The FIFA Presidential election will be held on February 26 as planned ©Getty Images

FIFA have confirmed that the date of its Presidential election will not be moved - with the vote set to be held at an extraordinary congress on February 26 as originally planned.

The decision was ratified by the Executive Committee of football's governing body at an emergency meeting in Zurich today - where it was also confirmed that suspended candidate Michel Platini will not be able to stand should his ban still be in place by Monday's (October 26) deadline for the formal submission of candidatures.

Talk that the election at the scandal-hit organisation could be postponed was sparked by the 90-day suspensions of both outgoing President Sepp Blatter and Platini, the head of European governing body UEFA.

Both men were sanctioned by FIFA's Ethics Committee earlier this month after an investigation into a CHF 2 million (£1.3 million/$2.1 million/€1.8 million) payment made by Blatter to Platini which was supposedly "disloyal".

Blatter announced his decision to step down just two days after winning an election for a fifth term in office in June, following the arrest of FIFA officials at their Zurich hotel amid corruption allegations and investigations in both the United States and Switzerland.

As well as the payment to Platini, the Swiss is also being probed for a supposedly "unfavourable" contract with the Caribbean Football Union.

Michel Platini will not be able to run in the FIFA Presidential election if still suspended after Monday's deadline
Michel Platini will not be able to run in the FIFA Presidential election if still suspended after Monday's deadline ©Getty Images

Platini, who like Blatter denies any wrongdoing, was the favourite to succeed the Swiss but Domenico Scala, the Chairman of the FIFA Ad-hoc Electoral Committee, has confirmed that "candidacies for the FIFA Presidency that are submitted in due time and form, but which relate to candidates who are subject to a provisional or definite ban from taking part in any football-related activity, will not be processed by the Ad-hoc Electoral Committee as long as such ban is valid and in force."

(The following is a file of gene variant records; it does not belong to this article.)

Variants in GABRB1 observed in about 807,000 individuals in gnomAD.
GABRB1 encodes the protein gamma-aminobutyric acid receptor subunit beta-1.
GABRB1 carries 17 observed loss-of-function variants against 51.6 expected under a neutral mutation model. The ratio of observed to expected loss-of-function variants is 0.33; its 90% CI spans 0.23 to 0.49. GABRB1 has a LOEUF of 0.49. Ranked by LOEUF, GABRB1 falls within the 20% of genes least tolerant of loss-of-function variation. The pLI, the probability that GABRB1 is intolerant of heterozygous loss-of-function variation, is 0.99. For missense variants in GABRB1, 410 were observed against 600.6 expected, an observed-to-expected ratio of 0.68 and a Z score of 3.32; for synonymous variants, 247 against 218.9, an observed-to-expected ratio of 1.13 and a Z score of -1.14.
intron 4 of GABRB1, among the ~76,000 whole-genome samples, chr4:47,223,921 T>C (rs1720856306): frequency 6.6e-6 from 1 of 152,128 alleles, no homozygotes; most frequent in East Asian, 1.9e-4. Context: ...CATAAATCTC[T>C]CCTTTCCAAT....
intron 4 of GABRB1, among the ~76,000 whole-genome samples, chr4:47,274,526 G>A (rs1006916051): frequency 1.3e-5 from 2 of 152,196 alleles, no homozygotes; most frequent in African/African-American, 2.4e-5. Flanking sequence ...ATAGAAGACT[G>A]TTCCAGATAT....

Should such a ban be lifted or expire before the election "the Committee would decide, depending on the respective exact point in time, on how to proceed with the candidacy concerned".

Platini's ban is due to expire in January but Scala's verdict could be the final nail in the coffin of his Presidential hopes.

Another perspective candidate, South Korean challenger Chung Moon-joon, is already out of the running after being handed a six-year suspension for infringing ethics rules in relation to the 2018 and 2022 World Cup bidding process.

Jordan's Prince Ali Bin Al Hussein, who was defeated by Blatter in the election earlier this year, is standing again and had previously urged FIFA not to delay the date of the election.

Also in the frame ahead of the deadline for submissions is Sheikh Salman bin Ebrahim al Khalifa, Bahrain's President of the Asian Football Confederation who is poised to throw his hat into the ring.

Former Brazilian footballer Zico and Nigeria's Segun Odegbami have also expressed interest in standing while one-time FIFA secretary general Michel Zen Ruffinen, a known critic of Blatter, has claimed he has been asked to stand and is considering his options.

Trinidad & Tobago footballer David Nakhid is also said to be standing, with Swiss player Ramon Vega tipped to put himself forward as well.

Meanwhile, it was also agreed to change the rules governing investigations and decisions made by the independent Ethics Committee.

Article 36 of FIFA’s Code of Ethics will be amended to allow the Committee, at its discretion, to publish more information about its ongoing proceedings in a bid to improve transparency and understanding.

Furthermore, the meeting heard from François Carrard, Chairman of the FIFA Reform Committee, which is due to put forward proposals to overhaul the organisation in December.

"I was pleased to see unity among the Executive Committee members during our discussions of reform and its critical importance to our organisation and world football," said Acting FIFA President Issa Hayatou. 

"Increasing the transparency of ethics investigations is just one example of our firm commitment to change.

"It was also significant that we set the course for the upcoming Presidential election.”

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